Lawmaking is focused on aggregations of people, broad groups for whom they make rules. The rules are general and apply to everyone in the designated group. The law has a natural propensity to treat two people in similar circumstances the same, whether it is best for them or not.

This is why hard cases make bad law. The majority of people in a group may be served, or at least not harmed, by the rules affecting that group. But people at the edges may find the rules work against them in ways lawmakers did not intend.

For example, let’s say Parliament decided no abortions would be permitted after 20 weeks unless the pregnant person’s life was in danger. So if a foetus’s lung development was compromised such that it would asphyxiate shortly after birth, the parents would be required to give birth at the natural time and watch their baby die. 

For some parents, this would be their choice – a chance to meet their baby and hold it while it receives palliative care to ease its passing. But other parents would rather spare their child suffering by ending the pregnancy. For them, it would be a nightmare to carry their child to term knowing they would have to watch them smother to death. 

And just how close to death would the pregnant person need to be to allow abortion after 20 weeks? In Ireland, before the 8th amendment was repealed, abortion was allowed to save the mother’s life. But that did not save Savita Halappanavar – doctors did not understand or trust the law. So they let Savita die.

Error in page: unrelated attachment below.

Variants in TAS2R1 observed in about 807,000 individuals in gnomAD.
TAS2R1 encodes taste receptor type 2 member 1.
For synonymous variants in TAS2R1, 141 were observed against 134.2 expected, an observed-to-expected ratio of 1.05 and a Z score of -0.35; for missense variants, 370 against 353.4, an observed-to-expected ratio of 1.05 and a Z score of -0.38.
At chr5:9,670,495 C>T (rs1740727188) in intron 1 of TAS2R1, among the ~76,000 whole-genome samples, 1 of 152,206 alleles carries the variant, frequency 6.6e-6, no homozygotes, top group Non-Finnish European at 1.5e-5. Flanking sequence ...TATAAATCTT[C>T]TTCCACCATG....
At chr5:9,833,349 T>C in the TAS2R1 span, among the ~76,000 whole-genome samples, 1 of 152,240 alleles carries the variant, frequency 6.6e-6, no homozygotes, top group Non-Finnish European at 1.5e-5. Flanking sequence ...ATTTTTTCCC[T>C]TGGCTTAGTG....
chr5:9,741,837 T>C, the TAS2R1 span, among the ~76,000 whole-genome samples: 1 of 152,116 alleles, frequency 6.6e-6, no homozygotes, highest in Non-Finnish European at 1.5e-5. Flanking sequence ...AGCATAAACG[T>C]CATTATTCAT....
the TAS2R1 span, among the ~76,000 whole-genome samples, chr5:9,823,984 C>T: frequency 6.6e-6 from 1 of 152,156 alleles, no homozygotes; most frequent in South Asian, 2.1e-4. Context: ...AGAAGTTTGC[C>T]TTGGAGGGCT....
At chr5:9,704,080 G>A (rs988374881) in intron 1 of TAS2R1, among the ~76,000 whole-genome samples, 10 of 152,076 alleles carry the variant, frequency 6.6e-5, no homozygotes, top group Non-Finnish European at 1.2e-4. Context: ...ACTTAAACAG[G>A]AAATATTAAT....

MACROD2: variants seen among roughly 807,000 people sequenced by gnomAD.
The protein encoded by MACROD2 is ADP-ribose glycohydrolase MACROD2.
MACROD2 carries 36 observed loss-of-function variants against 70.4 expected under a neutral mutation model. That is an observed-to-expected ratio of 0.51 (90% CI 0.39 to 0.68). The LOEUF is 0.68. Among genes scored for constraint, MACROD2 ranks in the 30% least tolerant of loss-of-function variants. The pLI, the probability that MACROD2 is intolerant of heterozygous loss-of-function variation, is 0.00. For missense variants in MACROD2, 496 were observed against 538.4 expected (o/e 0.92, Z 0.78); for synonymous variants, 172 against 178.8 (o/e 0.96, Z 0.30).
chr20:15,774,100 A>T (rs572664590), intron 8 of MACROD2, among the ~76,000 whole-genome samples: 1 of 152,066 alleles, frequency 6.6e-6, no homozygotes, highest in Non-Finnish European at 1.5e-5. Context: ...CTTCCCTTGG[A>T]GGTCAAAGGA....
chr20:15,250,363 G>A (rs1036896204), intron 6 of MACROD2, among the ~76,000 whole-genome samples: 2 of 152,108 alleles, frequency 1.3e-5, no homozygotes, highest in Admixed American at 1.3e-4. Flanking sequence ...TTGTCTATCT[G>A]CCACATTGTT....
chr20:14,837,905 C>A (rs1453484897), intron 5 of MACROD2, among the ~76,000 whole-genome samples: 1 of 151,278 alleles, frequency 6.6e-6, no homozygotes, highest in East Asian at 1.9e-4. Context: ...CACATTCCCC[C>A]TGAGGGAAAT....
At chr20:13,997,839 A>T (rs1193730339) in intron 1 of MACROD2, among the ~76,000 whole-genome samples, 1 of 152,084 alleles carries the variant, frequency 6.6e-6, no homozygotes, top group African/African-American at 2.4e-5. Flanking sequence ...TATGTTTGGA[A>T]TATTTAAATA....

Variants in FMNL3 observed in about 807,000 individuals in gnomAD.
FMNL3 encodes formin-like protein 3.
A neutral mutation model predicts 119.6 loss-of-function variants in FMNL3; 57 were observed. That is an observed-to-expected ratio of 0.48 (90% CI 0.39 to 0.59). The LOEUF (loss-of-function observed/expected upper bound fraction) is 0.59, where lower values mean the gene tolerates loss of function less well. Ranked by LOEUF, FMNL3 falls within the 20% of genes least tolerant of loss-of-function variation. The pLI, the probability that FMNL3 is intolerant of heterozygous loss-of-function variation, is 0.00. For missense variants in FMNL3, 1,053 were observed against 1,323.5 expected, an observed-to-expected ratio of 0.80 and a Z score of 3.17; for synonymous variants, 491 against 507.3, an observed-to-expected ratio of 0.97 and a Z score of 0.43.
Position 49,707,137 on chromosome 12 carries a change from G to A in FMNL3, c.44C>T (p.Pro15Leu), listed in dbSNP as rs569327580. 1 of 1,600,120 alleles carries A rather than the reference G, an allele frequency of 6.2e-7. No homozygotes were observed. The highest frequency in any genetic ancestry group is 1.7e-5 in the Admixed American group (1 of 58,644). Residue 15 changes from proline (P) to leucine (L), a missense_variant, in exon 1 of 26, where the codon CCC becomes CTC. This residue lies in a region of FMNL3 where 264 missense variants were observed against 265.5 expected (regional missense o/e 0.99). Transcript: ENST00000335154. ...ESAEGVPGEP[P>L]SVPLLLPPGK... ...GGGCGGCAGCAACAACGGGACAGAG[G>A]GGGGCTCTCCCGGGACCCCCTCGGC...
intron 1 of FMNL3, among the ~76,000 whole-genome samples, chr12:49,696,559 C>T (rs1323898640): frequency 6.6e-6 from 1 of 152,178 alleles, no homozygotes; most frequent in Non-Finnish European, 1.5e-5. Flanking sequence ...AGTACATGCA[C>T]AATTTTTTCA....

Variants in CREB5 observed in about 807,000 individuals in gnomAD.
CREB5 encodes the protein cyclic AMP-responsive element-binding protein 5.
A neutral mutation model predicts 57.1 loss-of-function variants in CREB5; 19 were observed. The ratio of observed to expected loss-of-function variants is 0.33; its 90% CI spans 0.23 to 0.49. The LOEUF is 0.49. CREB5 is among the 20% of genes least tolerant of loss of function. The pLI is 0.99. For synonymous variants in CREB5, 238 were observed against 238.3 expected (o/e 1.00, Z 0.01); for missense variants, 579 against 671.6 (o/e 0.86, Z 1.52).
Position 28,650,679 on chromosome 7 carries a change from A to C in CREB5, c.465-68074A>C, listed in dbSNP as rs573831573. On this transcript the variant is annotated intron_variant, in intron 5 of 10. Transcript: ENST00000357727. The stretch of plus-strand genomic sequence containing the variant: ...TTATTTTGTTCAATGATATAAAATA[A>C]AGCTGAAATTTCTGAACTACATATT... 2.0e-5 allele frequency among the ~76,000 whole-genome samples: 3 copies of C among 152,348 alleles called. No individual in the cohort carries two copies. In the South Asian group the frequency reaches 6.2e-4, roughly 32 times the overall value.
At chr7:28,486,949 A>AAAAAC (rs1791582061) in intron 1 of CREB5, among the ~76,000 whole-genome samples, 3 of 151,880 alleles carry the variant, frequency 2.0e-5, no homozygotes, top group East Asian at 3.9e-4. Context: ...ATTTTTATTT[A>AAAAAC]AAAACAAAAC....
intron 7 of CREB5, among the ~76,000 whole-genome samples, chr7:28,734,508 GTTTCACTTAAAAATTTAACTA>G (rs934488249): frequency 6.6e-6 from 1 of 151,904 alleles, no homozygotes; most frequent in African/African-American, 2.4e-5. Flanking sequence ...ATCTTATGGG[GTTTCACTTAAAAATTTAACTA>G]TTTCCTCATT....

It turns out doctors are just as bad at practicing law as lawmakers are at practicing medicine.

Tempting as it might be for lawmakers to jump in and make medical decisions themselves by passing laws, the result is not good medical care. It forces a one-size-fits-all approach to decisions that should be tailored to the person or persons involved.

ALRANZ Deplores National MPs’ Abortion Myths

ALRANZ Abortion Rights Aotearoa deplores the statements of National MPs Harete Hipango and Simon O’Conner on Facebook, alleging New Zealand’s reformed abortion legislation allows full term babies to be aborted.

“What they are saying is wrong on so many levels,” said ALRANZ president Terry Bellamak. “In the first place, abortion is about embryos and foetuses, never babies.

“In the second place, the old legislation also allowed abortions after 20 weeks. But here’s the important thing: a pregnancy that lasts for 20 weeks or more is a wanted pregnancy. If that pregnancy has to end in abortion, it’s because the pregnant person’s health is in danger, or the foetus has a fatal anomaly.

“If the foetus is viable, the health care team waits as long as possible to give it the best chance of survival before inducing labour. When a foetus proceeds from the uterus in a living state, that is called ‘birth’.”

Prime Minister Jacinda Ardern, when asked for comment on Hipango’s post, gently suggested it would be better if MPs based their views on facts.

Justice Minister Andrew Little was blunter, calling Hipango’s comments “silly.”

He added, “If Judith Collins is happy to have a bunch of radical, anti-abortion extremists running the show on social media, that’s a matter for her.”

Bellamak concluded, “This kind of scaremongering insults the intelligence of everyone they expect it would work on.”

New Zealand reformed its abortion laws in March of 2020, decriminalising the procedure and aligning it with other health care.